Mariner advocates indigenous participation in shipping to create more jobs




A Master Mariner, Capt. Emmanuel Iheanacho, has said that more jobs could be created if indigenous ship owners acquire more ships and engage in transportation of oil. 

Iheanacho, who is the Chairman, Integrated Oil and Gas Ltd., stated this in an interview with the News Agency of Nigeria (NAN) in Lagos.

He said Nigeria’s vast trading network in oil was improving other economies, considering the exportation of crude oil and importation of refined petroleum products, while indigenous ship owners were not involved.

``Nigeria suffers from a lot of unemployment and one of the areas in which we can actually achieve fuller employment would be if we have ships and we have Nigerians who would work there. 

``Nigeria has a vast international trading network where we export oil and they are bringing in finished products.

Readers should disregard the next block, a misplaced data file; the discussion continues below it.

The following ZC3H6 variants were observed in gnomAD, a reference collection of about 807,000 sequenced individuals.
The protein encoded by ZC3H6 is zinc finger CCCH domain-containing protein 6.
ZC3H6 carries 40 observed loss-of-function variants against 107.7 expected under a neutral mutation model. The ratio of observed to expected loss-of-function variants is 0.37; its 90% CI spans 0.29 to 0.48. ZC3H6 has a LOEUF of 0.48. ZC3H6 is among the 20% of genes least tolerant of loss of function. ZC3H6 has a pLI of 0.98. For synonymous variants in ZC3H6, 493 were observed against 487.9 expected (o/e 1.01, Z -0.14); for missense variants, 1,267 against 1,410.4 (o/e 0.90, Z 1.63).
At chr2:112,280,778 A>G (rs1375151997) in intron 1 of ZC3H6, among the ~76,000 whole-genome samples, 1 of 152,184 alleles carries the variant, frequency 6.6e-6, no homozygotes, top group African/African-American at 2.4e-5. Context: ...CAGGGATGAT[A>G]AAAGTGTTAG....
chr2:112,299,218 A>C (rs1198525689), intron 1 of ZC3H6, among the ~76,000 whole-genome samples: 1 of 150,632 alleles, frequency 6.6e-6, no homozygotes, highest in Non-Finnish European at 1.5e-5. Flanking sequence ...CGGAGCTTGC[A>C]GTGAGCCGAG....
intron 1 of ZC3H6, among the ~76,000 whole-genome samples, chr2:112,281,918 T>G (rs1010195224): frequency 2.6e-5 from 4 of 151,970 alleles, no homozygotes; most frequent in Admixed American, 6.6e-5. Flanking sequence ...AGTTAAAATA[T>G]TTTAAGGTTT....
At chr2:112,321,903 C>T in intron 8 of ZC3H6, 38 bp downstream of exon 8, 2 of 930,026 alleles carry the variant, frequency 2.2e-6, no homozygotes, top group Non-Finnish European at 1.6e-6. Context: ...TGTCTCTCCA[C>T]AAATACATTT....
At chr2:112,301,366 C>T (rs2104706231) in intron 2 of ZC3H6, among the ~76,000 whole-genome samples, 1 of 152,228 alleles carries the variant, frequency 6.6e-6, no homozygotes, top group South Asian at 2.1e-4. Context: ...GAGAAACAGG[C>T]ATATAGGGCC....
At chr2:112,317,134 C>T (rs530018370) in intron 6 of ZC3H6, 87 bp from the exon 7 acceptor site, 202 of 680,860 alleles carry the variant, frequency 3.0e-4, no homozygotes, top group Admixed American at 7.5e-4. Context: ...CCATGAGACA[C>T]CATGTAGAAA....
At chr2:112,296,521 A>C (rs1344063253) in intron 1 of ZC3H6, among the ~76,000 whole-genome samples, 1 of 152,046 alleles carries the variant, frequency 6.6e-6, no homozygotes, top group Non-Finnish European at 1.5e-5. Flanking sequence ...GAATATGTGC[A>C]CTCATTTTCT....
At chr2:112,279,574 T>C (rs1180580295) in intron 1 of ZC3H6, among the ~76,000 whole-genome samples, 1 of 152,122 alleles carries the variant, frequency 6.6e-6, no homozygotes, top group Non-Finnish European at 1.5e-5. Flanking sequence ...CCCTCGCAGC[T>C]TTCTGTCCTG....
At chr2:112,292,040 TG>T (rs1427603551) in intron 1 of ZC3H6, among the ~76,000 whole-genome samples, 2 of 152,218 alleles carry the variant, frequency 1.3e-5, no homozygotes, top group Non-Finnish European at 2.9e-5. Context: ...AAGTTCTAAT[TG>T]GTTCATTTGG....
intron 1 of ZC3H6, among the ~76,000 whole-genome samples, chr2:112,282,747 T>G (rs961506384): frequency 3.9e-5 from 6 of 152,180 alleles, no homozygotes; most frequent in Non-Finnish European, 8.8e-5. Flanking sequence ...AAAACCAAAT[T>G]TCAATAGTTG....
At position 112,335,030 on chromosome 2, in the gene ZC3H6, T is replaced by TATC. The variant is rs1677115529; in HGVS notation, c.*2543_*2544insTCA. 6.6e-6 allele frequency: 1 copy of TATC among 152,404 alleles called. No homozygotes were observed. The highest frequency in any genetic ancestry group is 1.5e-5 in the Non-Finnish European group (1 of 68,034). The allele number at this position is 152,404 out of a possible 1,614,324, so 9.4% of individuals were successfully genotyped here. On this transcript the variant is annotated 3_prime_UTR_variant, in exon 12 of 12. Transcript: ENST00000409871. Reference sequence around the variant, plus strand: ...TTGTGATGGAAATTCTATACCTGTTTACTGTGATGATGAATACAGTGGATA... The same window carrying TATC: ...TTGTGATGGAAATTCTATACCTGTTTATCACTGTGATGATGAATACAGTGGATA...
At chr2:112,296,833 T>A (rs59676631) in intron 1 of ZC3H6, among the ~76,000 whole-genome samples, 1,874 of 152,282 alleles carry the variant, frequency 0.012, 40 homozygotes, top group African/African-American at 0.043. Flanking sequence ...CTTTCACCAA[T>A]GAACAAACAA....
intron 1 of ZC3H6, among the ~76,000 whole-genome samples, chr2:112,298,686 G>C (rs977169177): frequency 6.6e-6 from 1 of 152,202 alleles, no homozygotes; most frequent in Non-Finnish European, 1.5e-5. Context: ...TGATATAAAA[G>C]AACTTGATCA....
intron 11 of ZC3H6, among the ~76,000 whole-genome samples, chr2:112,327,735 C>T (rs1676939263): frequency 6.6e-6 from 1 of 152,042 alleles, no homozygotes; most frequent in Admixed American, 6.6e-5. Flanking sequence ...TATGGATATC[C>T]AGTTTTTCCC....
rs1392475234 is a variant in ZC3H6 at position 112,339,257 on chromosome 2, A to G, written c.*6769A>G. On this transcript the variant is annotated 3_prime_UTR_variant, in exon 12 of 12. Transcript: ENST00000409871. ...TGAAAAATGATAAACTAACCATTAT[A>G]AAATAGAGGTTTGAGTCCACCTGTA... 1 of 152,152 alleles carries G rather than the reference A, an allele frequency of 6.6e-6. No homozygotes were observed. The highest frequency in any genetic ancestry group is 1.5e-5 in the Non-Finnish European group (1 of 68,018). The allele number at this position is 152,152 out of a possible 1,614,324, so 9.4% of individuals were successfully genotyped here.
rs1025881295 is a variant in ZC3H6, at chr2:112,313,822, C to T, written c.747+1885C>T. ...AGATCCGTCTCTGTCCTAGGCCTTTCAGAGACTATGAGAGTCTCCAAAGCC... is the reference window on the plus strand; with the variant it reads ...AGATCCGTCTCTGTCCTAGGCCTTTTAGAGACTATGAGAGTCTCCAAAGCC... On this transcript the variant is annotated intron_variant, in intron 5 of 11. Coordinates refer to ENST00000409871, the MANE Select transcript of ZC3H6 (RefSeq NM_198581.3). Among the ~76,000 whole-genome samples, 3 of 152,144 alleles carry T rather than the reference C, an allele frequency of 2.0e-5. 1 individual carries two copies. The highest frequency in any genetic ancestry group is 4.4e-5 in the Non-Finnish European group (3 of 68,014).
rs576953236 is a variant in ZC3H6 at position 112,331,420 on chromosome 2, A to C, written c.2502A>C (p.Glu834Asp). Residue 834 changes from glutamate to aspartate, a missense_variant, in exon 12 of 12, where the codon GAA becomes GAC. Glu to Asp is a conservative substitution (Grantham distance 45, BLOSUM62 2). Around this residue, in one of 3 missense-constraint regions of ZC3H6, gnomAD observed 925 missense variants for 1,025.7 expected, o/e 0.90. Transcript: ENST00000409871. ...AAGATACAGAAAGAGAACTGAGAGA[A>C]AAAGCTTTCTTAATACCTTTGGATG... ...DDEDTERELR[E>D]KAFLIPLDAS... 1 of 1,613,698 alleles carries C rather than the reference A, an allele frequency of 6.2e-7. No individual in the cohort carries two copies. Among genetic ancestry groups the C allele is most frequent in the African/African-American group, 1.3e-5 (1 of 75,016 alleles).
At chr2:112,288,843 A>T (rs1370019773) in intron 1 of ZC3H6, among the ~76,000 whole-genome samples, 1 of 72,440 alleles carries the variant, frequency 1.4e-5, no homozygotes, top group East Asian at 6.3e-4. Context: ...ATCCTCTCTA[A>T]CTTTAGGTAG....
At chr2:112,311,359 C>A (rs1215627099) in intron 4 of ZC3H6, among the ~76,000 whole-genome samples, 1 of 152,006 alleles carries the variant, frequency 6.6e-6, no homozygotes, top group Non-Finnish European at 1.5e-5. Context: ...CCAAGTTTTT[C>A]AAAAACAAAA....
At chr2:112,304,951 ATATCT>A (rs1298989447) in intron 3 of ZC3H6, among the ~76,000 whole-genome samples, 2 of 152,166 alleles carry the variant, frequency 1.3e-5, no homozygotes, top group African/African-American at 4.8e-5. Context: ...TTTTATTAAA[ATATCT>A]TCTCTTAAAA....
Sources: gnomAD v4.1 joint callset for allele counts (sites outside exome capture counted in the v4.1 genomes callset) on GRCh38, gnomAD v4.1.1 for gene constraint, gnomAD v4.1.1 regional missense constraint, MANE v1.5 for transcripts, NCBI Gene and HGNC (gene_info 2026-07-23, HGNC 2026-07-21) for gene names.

``But look at the basis upon which that trade is carried on currently; we export oil on an F.O.B. basis. What it means is that we give up the right to carry that oil.

``The right to carry that oil creates jobs and profits for those who own the ships and for those who work on board those ships.

``Then, when those oil are taken and taken to the refinery, value is added to it through refining and that refining process creates jobs in those economies for those who are involved in that business.

``And when the finished product is brought back, it creates jobs again for those who work on board the ships that bring the products here.

``Why then are we discounting all these value opportunities?'' Iheanacho asked.

According to Iheanacho, the ideal situation would have been to add value to the oil by refining it locally, thereby creating room for trading in refined oil. 


He said Nigeria must begin to do more in terms of local production and increasing capacity development to safeguard the economy.